There are mothers with full-time jobs who go hungry in order to feed their kids.
True
SEIU

It can be easy to forget that real people lie at the center of every movement.

From the fight for religious freedom to the ongoing struggles for racial, gender, and socioeconomic equality, these movements are carried by regular people: mothers, fathers, sisters, brothers, and friends who are working every day to make their voices heard.

The Fight for $15 is no different. It's about people fighting to survive.

Take, for instance, Adriana, a mother who has worked at McDonald's for five years.



Adriana's take-home pay for one two-week, full-time pay period was $508.38.

And like all of us, she has bills to pay.

She pays $100 per week in childcare for her son. Heat and water cost her $300 per month, and her rent is $500. With expenses for just those necessities already exceeding more than twice what she brought home for that two-week pay period — how is she supposed to pay for groceries? Emergency medical care? Internet so that her son can get his homework done? It's almost impossible.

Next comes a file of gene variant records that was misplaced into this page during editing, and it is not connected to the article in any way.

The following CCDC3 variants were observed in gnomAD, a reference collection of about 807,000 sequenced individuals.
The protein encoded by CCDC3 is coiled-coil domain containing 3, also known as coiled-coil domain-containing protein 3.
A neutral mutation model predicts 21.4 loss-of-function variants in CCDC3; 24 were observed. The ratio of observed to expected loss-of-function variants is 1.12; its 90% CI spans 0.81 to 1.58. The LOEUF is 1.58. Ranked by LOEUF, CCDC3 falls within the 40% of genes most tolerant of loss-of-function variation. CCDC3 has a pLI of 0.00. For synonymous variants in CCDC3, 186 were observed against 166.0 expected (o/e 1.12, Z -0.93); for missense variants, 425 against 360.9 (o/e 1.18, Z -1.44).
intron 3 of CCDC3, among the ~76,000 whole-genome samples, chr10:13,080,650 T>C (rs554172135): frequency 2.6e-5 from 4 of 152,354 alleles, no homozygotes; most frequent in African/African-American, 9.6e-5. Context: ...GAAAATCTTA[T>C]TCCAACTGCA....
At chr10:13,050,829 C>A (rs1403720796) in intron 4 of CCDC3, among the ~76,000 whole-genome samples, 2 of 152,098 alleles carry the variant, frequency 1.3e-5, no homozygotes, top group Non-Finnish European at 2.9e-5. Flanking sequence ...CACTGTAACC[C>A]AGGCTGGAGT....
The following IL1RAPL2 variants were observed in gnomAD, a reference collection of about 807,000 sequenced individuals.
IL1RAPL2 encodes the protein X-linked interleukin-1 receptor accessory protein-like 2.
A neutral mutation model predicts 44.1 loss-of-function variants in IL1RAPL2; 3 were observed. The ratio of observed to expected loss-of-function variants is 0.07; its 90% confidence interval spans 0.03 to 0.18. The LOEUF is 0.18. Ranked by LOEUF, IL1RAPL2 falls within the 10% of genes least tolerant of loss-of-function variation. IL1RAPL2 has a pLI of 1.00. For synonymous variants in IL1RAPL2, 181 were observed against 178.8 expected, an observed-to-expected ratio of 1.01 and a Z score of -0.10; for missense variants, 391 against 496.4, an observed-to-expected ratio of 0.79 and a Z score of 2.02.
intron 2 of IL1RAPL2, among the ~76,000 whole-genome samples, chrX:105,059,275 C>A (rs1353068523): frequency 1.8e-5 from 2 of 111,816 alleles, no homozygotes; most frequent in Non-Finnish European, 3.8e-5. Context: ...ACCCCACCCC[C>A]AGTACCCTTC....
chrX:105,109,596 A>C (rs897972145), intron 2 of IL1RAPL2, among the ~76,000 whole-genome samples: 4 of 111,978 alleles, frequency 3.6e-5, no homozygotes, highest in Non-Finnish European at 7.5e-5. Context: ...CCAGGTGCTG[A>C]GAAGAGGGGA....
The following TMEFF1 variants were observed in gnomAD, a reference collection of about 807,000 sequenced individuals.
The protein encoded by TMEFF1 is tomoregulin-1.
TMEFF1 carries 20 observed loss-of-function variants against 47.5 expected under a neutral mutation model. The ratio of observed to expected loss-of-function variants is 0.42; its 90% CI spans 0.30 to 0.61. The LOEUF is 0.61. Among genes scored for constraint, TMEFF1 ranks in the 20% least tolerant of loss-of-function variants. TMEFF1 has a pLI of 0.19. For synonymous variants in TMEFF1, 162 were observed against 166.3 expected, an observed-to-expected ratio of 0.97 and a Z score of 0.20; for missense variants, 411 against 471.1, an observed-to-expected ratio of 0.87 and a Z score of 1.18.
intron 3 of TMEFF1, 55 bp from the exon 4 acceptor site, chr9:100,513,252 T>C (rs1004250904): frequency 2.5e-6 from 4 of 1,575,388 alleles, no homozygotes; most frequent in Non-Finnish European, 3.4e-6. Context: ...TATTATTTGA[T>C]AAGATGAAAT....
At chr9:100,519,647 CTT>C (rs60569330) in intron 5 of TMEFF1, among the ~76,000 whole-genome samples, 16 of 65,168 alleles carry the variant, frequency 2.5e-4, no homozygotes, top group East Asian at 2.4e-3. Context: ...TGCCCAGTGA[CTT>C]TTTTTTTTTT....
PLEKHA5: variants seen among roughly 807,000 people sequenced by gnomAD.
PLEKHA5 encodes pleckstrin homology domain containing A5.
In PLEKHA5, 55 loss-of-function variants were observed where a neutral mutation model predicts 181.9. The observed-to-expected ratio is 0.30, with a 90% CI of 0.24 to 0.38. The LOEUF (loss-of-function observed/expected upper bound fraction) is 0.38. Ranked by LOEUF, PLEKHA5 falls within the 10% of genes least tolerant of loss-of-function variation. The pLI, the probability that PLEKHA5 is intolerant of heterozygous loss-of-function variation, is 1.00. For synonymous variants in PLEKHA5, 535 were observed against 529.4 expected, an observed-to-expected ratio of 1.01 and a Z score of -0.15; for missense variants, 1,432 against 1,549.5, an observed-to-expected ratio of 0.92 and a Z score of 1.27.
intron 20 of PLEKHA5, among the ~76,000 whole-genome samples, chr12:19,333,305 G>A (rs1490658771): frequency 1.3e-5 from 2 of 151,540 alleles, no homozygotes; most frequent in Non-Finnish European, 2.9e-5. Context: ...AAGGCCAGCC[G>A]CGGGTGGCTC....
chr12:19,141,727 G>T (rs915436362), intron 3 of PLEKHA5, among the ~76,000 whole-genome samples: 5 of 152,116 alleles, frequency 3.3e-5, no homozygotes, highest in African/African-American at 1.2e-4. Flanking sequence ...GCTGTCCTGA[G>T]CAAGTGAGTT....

What are workers supposed to do when they're working 40+ hours per week, doing necessary jobs, only to find that they're unable to make ends meet?

The minimum wage in the U.S. varies state by state; as of May 2016, it ranges from $7.25 to $10.50 per hour (with D.C. set to bump up to $11.50 on July 1). While some states do have slight increases scheduled years away, the sad reality is that with cost of living on the rise, it's still not enough to be a livable wage. So what does that mean?